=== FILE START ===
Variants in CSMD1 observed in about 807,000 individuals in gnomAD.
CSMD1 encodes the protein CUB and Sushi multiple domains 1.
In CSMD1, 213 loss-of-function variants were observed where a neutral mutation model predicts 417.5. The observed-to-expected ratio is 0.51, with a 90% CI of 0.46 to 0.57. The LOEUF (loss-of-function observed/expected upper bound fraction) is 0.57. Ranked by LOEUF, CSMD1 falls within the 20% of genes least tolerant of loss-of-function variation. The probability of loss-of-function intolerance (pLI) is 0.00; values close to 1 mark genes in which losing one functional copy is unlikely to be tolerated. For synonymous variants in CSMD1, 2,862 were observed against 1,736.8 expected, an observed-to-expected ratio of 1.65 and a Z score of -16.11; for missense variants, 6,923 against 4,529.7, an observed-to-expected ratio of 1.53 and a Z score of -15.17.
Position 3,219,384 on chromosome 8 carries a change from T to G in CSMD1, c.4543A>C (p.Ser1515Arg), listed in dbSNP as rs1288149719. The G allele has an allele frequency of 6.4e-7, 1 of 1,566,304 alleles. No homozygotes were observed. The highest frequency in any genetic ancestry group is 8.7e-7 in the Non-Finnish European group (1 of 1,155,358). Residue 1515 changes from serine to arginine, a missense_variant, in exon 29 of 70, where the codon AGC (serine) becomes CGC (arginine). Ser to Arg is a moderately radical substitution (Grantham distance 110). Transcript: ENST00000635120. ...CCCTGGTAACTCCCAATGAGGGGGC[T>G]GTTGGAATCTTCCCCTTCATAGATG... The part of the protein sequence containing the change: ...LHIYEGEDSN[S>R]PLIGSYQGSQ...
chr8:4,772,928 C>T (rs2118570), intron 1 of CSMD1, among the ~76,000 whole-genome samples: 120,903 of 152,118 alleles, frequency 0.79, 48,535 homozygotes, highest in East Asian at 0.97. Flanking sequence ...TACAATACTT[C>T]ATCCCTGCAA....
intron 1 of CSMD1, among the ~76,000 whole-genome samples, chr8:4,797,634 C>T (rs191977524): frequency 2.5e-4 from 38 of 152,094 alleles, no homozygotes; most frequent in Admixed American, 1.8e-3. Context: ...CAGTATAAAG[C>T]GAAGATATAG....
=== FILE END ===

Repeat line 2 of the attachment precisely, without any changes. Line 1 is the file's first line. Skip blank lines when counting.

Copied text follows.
CSMD1 encodes the protein CUB and Sushi multiple domains 1.